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Erwin Bünning (23 January 1906-4 October 1990)

Bonner, James (1994) Erwin Bünning (23 January 1906-4 October 1990). Proceedings of the American Philosophical Society, 138 (2). pp. 318-320. ISSN 0003-049X.

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Erwin Bünning is known throughout the biological world as the person who discovered the endogenous daily rhythms known today as circadian rhythms. He first studied the daily up and down movements of the leaves of certain plants such as beans. The period of such rhythmic movement under normal conditions is twenty-four hours. Under constant environmental conditions, however, the period is not necessarily precisely twenty-four hours, but only approximately so. The endogenous rhythms are therefore known as circadian. This was all experimentally established in Frankfurt by Erwin Bunning as a twenty-three-year-old postdoctoral fellow who had just completed his doctoral work at the University of Berlin. The work was published in 1930. This subject became Bünning's principal line of research. However, it took almost thirty years more before the existence of such endogenous rhythms was generally acknowledged.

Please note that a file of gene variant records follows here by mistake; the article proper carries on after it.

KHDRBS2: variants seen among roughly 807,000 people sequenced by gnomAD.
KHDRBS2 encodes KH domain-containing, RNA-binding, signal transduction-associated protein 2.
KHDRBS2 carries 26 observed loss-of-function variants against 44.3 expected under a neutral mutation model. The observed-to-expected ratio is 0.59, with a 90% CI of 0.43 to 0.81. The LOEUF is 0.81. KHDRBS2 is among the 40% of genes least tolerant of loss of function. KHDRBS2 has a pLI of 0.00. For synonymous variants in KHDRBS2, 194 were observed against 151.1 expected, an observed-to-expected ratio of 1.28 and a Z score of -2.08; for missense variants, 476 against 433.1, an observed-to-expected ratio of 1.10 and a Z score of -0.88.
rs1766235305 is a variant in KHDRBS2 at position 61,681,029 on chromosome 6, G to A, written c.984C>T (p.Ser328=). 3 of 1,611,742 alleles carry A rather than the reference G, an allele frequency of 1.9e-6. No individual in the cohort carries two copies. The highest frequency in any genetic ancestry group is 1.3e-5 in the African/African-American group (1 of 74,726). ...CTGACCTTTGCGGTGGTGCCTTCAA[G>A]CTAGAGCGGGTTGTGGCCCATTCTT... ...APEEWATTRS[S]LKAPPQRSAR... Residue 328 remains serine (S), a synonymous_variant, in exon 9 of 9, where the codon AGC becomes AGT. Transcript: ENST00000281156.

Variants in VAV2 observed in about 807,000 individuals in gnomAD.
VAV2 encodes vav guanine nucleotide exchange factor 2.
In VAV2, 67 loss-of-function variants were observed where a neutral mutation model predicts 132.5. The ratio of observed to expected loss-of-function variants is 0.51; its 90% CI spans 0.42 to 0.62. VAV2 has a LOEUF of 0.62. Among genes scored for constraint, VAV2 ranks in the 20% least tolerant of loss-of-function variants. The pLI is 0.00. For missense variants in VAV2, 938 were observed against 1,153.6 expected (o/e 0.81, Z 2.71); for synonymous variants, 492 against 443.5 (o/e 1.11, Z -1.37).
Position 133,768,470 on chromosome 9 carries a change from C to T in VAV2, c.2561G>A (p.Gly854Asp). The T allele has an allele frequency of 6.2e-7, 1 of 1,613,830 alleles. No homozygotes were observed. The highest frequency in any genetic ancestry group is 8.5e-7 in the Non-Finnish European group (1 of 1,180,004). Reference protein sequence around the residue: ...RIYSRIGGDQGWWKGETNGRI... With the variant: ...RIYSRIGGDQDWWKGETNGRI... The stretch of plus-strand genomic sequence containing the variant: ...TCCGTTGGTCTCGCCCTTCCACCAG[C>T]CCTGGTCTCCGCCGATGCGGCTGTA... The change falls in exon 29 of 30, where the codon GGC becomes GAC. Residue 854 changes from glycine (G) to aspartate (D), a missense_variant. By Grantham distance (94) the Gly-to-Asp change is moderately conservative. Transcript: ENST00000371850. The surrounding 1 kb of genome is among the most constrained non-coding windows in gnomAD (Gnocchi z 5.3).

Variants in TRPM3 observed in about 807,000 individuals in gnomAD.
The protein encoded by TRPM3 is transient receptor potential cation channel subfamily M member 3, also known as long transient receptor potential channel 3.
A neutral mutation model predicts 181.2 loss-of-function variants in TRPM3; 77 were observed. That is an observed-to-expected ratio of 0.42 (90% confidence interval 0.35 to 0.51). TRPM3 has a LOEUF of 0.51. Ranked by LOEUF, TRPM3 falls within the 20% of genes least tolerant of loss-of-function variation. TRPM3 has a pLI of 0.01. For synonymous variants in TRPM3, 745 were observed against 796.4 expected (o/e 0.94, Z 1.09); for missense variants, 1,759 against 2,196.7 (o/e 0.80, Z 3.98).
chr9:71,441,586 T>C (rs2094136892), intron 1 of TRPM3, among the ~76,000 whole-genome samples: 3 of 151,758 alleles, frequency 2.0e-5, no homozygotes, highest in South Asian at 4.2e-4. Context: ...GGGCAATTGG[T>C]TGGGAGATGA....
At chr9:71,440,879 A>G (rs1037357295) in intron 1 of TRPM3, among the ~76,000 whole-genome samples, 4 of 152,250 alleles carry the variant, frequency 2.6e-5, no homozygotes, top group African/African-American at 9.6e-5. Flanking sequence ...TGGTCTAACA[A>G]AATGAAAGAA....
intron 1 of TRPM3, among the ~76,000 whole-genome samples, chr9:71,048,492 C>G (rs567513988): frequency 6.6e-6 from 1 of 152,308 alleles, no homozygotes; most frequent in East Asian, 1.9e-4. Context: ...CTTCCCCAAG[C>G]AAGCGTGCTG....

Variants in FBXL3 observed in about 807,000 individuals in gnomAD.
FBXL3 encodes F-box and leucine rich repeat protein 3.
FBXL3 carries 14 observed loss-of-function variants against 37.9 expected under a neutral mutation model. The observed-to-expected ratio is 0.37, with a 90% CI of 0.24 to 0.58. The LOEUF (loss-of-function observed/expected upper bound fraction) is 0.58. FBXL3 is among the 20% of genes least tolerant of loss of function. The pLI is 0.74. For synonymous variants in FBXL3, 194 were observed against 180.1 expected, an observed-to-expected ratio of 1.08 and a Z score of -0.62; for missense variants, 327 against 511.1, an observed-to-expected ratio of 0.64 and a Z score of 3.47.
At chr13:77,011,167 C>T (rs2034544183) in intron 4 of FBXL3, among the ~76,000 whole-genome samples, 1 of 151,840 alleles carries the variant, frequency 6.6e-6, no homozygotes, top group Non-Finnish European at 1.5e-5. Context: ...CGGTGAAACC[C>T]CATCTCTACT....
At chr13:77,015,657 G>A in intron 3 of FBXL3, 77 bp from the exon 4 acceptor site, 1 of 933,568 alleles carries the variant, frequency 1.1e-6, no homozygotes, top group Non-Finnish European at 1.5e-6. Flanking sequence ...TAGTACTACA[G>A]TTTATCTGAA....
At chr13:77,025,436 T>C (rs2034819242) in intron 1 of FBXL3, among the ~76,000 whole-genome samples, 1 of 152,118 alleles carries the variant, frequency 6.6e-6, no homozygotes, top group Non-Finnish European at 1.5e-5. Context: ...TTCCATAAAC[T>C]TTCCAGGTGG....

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Additional Information:© 1994 American Philosophical Society.
Issue or Number:2
Record Number:CaltechAUTHORS:20141217-111915786
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Official Citation:Erwin Bünning (23 January 1906-4 October 1990) James Bonner Proceedings of the American Philosophical Society Vol. 138, No. 2 (Jun., 1994) , pp. 318-320 Published by: American Philosophical Society Stable URL:
Usage Policy:No commercial reproduction, distribution, display or performance rights in this work are provided.
ID Code:52961
Deposited By: Tony Diaz
Deposited On:17 Dec 2014 19:24
Last Modified:03 Oct 2019 07:46

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